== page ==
Economy Still Top Concern for Credit Professionals

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February 15, 2011: Columbia, MD-"The state and future of the economy" was the most popular answer in the National Association of Credit Management's (NACM) Monthly Survey for January, which asked "As a credit professional, what are your biggest concerns for 2011?"

Nearly 40% of respondents voiced their ongoing concern with the state of the economy, while the next most popular answer, "slow payment, delinquencies and general customer creditworthiness," received 22% of the votes. Another 10% of participants said their greatest concern was "larger companies dictating unfavorable terms," while 7% said they were most worried about their "job security or the future of [their] career."

Issues such as the international market, the perception of the credit department as a cost center and the process of complying with federal regulations garnered a negligible amount of votes, with each receiving less than 5%.
The top two concerns seemed to go together, as respondents noted that the economy will affect their company's business as much as their customers' ability to pay. "The economy plays a large role in my concern for 2011 with regard to customers, so those two categories should go hand-in-hand," said one participant. Indeed, many seemed to still be waiting to feel the effects of the current uptick in economic indicators. "The state of the economy affects sales, which in turn drives budgets and collections and bad debts," said another participant. "While many of the other concerns exist, it's all about the economy; a rising tide raises all boats."

Political concerns also were hot items among respondents, both in terms of the especially caustic atmosphere in Washington, DC and the recession's devastating effect on local governments and their willingness to pay. "Political bickering, things like the so-called Obama-care health plan and tied-up bank lending policies cause business owners to remain ultra-conservative rather than expanding business opportunities and investments. There is very little confidence to build upon," said one respondent. "Many jobs are either directly or indirectly linked to a government entity, which creates some concern in the payment process as aging of accounts from a state level continue to come in slower than previously experienced," said another.

Regulations were also of concern, and many noted this would've been their second choice after the overall state of the economy. "Meeting government regulations would be right at the top of the list," said one participant. "We manufacture commercial industrial mowers and for 2011 most of our mowers had to be redesigned to meet government regulations. New fuel tanks, fuel tank caps and engines were required."

Comments about the perception of a credit department in a company were usually accompanied by the standing threat of outsourcing of the credit function, which many seemed to associate with a fundamental misunderstanding of credit's role. "Having just gone through a merger, I am concerned with the overall perception of the credit department and the value of keeping the department in-house as opposed to outsourcing," said one respondent. "I see a need for us to better sell our value to the sales organization," said another. "We seem to have lost that over the last couple of years because of the lack of large bankruptcies."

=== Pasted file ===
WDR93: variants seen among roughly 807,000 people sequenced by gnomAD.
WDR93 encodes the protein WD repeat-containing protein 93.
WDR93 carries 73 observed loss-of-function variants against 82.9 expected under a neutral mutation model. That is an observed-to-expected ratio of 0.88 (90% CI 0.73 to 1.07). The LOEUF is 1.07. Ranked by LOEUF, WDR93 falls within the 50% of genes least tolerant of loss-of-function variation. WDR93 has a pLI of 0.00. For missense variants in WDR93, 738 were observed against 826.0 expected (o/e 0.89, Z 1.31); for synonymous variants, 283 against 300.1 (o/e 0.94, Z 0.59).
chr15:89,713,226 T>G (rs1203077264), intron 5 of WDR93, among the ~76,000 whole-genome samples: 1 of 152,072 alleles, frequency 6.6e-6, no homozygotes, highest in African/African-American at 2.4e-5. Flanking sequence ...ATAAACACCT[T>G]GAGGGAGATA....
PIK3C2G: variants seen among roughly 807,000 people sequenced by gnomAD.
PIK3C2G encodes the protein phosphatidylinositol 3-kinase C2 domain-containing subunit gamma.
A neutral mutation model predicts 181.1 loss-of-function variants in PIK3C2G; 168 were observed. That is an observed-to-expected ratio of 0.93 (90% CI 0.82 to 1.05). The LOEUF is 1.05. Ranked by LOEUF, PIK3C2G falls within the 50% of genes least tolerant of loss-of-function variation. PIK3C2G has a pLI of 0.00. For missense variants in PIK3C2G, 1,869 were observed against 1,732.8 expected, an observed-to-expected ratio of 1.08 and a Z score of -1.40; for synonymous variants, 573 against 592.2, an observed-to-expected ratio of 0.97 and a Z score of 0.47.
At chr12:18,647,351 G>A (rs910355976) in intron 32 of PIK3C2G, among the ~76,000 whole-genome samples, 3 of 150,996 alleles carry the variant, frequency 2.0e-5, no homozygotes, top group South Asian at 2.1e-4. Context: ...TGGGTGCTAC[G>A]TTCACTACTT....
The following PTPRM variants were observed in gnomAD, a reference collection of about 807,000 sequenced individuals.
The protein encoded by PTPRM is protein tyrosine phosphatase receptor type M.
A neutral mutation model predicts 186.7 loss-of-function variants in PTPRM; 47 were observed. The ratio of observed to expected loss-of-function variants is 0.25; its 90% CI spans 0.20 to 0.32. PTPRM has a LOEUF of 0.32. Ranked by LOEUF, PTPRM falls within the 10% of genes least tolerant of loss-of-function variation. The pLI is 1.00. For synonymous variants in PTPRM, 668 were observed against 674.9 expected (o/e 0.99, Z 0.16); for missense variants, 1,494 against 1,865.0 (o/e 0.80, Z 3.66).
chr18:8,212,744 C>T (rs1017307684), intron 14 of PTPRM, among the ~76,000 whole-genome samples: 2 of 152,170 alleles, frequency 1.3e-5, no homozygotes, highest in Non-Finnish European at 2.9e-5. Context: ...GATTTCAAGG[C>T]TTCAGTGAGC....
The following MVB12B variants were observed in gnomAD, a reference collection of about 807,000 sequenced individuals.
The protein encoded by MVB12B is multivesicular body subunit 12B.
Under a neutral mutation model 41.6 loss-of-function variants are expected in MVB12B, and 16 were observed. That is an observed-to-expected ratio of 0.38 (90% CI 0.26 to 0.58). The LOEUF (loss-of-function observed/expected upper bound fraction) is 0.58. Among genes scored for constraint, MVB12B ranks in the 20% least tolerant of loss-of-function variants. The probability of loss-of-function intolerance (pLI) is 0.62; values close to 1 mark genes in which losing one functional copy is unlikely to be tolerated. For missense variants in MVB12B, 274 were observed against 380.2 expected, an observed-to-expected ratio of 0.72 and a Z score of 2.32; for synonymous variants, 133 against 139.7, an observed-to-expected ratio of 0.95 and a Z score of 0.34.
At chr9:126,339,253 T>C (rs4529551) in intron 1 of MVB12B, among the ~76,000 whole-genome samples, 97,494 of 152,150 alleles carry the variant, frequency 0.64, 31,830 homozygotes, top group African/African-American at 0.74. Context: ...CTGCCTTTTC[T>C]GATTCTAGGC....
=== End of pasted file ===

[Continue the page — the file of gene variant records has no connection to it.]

Often the unsung drivers of the world's business, credit and finance professionals must have the skills to be able to gauge the difference between fact and fiction, hope and charity, and faith and foolishness. The judgment of credit executives and chief financial officers (CFOs) is integral to the corporate world. Their job is to manage financial risk.

This year, credit professionals from around the globe will again gather at NACM's Credit Congress to enhance their capabilities as credit, risk and financial managers and, on the whole, return to their companies more valuable than they were when they left. Held in Nashville, Tennessee on May 22-25, NACM's 115th Credit Congress and Exposition will offer targeted education sessions and executive-level forums in its continued effort to help credit professionals position their companies for growth in the recovering economy. Educated credit professionals lead to greater accounts receivable turnaround and, hopefully, a shift in the perception of the credit department from a cost center to the revenue generator that it can be.

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NACM, headquartered in Columbia, Maryland, supports more than 16,000 business credit and financial professionals worldwide with premier industry services, tools and information. NACM and its network of Affiliated Associations are the leading resource for credit and financial management information and education, delivering products and services, which improve the management of business credit and accounts receivable. NACM's collective voice has influenced legislative results concerning commercial business and trade credit to our nation's policy makers for more than 100 years, and continues to play an active part in legislative issues pertaining to business credit and corporate bankruptcy. Its annual Credit Congress is the largest gathering of credit professionals in the world.

NACM has a wealth of member experts in the fields of business-to-business credit and law. Consider using NACM as a resource in the development of your next business story.

Source: National Association of Credit Management

Contact: Caroline Zimmerman, 410-740-5560, carolinez@nacm.org

Website: www.nacm.org

 

 

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